Thursday, March 3, 2016

Defining 'Technical'

TL;DR: Technical can mean advanced, lingo and/or labs.

I'll like to a moment to get technical about the concept of technical talks...

It is often discussed before, during and after a conference about the 'right' amount of 'technical' talks. This is a very hard subject and in some of my recent discussion I started to get a glimpse into why:

"Technical is a poorly defined umbrella term."

As I started to break down what it means to be a technical talk, I started to see 3 axis emerge on aspects of a talk that can be considered technical.

The aspects of Technical

1) Lingo vs. Clear Words

"When my WCF backed by a RDMS wasn’t rendering in WPF I opened MSDN and said WTF"
If you are a .net developer this statement makes perfect sense, but everyone can understand
"When my program wasn’t connecting to the database I had to read the documentation online"

Pros: Lingo conveys large info in small words.
Cons: It isolates many people and makes them feel stupid while making the speaker look smart.

2) Advanced vs. Beginner

How many prerequisite do you need to attend this session?

If you hear the statement
"Then just apply your basic differential equations..."
you better have taken a few years of math. Whereas

"With just your basic arithmetic you can..."
is probably accessible to most people.

To be clear, I'm not trying to put a value judgement on the topic. Advanced topics don't inherently hold more value than beginner topics, but they do have more barriers to entry.

Pros: There are many great and valuable things in the advanced space.
Cons: Understanding the prerequisite most people have is very difficult and error prone. These sessions also have a limited audience by their very nature.

3) Labs vs. Concepts

Is this where the rubber meets the road or a 10,000 foot overview?

Will the presenter just mention that
"It’s saved in a settings configuration" or are we going to the command line and opening emacs?

It's worth mentioning that there is a fairly solid middle ground between concepts and labs that I would refer to as examples/demos. Like a lab where you are watching rather than doing.

Pros: Labs get to the real knowledge that concepts simply gloss over. For example: I understand the concept of flying a plane, but you don't want me to be your pilot.
Cons: Labs cover a much smaller space in a much larger time scale than concepts do. They are also very specific to a particular context that might not transfer to your own.

In the end we have a complicated 3D space looking something like this:
This is a very complicated space and most talks lie somewhere in between. However, I have found the most value from examining the 8 outermost points.

The 8 Extremes of Technical

1) Clear Beginner Concepts

This the least technical presentation.
That's not to demean the presentation. These talks for valuable and deliver a lot of (albeit shallow) understanding to a large audience.
This is the most common type of talk at most conferences.

2) Clear Advanced Concepts (GOOD)

This is technical in that you need a fair amount of knowledge to get into the conversation.
I have seen a fair amount of these talks at strangeloop. They are the kind of conversation where you understand every word but your head is still hurting.
These can also be the topics that open your eyes and stick with you for ages.

3) Advanced Concepts with lot’s of lingo

These are error prone. Like the above they make your head hurt but there is a good chance you didn't understand every word and you are too embarrassed to ask for clarification.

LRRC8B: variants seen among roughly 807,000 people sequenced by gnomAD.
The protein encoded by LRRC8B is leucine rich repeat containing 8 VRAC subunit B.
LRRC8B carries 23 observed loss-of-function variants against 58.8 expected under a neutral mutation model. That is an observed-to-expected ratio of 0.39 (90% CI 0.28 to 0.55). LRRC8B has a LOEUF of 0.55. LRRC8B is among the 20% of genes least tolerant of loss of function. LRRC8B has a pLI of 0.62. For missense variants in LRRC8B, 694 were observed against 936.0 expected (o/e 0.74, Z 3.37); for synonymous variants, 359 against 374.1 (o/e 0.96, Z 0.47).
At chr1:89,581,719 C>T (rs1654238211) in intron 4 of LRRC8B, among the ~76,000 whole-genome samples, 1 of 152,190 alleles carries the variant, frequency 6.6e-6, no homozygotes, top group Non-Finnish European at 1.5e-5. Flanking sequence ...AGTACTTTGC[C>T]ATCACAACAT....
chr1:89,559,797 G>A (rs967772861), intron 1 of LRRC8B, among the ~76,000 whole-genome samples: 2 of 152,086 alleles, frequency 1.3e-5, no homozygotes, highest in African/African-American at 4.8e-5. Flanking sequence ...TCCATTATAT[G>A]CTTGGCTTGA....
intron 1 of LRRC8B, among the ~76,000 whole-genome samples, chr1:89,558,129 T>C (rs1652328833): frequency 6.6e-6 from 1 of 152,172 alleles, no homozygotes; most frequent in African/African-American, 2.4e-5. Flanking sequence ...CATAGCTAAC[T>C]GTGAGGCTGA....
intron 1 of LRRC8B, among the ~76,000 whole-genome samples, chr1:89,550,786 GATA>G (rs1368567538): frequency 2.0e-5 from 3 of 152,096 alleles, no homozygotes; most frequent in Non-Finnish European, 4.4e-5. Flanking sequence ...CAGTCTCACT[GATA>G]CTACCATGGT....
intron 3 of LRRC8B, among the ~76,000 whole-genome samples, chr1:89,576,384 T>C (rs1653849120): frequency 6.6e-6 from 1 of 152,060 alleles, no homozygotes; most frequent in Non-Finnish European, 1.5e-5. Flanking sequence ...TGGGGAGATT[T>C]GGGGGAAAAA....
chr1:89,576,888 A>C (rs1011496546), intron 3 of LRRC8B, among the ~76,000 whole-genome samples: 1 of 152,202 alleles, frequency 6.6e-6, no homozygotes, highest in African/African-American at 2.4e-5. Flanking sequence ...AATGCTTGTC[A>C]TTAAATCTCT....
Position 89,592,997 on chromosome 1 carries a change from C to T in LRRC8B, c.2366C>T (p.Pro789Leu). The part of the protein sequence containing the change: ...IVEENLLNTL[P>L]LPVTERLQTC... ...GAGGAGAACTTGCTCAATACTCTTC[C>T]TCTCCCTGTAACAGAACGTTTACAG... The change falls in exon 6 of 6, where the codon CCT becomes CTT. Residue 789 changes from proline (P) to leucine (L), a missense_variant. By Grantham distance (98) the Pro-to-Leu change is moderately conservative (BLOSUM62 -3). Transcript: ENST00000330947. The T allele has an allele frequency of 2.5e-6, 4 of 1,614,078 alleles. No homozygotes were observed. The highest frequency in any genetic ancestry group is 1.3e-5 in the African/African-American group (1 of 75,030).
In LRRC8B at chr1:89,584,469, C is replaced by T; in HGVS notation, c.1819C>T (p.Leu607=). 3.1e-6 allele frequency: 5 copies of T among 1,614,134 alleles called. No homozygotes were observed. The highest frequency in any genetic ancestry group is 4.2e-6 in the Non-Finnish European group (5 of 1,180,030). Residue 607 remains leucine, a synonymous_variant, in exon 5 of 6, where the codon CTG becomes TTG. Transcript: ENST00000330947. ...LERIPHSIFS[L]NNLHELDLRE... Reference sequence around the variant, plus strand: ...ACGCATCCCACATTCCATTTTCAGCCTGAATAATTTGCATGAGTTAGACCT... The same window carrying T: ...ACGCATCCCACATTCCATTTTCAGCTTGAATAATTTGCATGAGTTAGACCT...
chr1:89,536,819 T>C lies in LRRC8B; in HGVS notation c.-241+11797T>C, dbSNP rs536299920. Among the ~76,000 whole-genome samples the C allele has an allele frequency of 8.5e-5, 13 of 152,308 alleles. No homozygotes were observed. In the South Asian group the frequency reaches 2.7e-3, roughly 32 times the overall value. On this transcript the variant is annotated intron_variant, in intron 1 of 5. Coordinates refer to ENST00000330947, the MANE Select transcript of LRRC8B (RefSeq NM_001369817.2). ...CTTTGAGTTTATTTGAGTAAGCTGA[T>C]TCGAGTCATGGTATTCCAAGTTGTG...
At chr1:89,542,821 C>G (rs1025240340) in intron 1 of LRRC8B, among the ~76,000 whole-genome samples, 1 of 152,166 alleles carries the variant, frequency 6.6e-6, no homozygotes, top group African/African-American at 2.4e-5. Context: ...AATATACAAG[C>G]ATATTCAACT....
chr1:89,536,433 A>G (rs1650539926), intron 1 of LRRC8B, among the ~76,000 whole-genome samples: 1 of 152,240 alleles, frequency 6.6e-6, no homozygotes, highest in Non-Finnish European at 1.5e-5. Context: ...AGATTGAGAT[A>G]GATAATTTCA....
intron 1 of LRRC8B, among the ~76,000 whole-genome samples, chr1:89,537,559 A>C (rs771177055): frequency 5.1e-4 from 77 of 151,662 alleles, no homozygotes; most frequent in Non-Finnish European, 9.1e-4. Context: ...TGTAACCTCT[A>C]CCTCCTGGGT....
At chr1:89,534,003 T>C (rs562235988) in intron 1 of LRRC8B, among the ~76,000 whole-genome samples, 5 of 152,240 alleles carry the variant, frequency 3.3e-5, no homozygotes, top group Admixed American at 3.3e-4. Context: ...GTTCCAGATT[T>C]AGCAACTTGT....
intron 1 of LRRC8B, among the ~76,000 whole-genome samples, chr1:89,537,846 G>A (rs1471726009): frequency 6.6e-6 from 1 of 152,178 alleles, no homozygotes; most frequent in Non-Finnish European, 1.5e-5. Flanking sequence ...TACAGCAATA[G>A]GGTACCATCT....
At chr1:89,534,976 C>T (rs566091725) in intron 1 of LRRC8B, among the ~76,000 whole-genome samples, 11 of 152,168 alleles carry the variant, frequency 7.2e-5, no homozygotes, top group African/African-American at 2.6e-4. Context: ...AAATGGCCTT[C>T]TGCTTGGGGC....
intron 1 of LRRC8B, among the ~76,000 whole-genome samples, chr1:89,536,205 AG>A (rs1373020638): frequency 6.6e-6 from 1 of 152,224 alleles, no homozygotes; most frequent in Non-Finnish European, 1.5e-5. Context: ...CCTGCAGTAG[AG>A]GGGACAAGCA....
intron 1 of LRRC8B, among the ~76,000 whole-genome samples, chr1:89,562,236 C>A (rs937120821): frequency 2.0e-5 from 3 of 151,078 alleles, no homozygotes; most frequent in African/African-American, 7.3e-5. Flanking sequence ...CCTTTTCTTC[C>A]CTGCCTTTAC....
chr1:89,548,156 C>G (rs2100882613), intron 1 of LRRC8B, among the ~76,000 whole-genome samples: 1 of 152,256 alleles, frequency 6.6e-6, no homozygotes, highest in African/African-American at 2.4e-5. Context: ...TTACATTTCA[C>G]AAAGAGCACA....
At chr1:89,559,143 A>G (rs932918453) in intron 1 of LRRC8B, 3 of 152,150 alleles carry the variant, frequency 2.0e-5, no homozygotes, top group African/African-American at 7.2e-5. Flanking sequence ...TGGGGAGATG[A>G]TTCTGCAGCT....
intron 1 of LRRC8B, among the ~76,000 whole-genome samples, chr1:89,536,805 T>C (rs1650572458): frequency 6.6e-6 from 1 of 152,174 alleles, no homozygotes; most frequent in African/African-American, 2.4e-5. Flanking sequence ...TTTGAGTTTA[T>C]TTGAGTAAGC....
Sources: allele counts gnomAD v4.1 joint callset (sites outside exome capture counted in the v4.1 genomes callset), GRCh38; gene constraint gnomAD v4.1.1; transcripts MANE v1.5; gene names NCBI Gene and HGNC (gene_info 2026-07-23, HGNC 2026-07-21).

While Academic conferences seem to have a bunch of these the truth is they are everywhere.

4) Beginner Concepts with lingo (BAD)

I can see no use for this. Lingo implies a prerequisite for understanding but beginner states none is needed.
Obviously there is some use of this from a dark place where the speaker wants to feel superior or confuse the listener, but I believe more of this happens by accident because of
'the curse of knowledge'. Namely, once you internalize the lingo you forget that it is even is lingo; It's meaning just seems so clear.

5) Beginner Labs with lot’s of lingo (BAD)

See above, except because you are in the details the confusion is even more damaging.

6) Advanced Labs with lot’s of lingo

Interestingly, this seems to be a fairly good place for lingo. While I would still suggest brief definitions when introducing the terms (to avoid having people too embarrassed to ask) the efficiency that is provided by lingo is very beneficial here, you have people that have been in the space a while to fulfill their prereqs and you are using specific technology that needs names and labels.

7) Clear Advanced Labs 

Even better.

8) Clear Beginner Labs (GOOD) 

Beginner and Introductory talks are fantastic. They are heavily attended and help bring up new people (Doubles every 5 years means 50% of industry is less than 5 years of experience). Making these labs clear welcomes newbies and gives them a good experiences and solid learning. Labs help to make the learning concrete. I personally really enjoy these type of presentations and give many of them myself (so I'm a bit biased).
They do a have a couple pitfalls though.

  • They require more effort on the student. This is particularly bad if they are held right after lunch or competing with an easier session.
  • Sometimes you can't see the forest for the trees. Students will feel that they are missing out on the big important stuff because they are struggling with the details.
  • Experts like to discount them. "that's too basic" or "We've all seen that before" is the most common thing I hear from experienced people.

So those are my thoughts into everything that usually gets wrapped up in the term 'technical'.
Hopefully this blog post rates as a Clear, Advanced and somewhere in between Concepts/Lab.
If not, let me know in the comments.

No comments: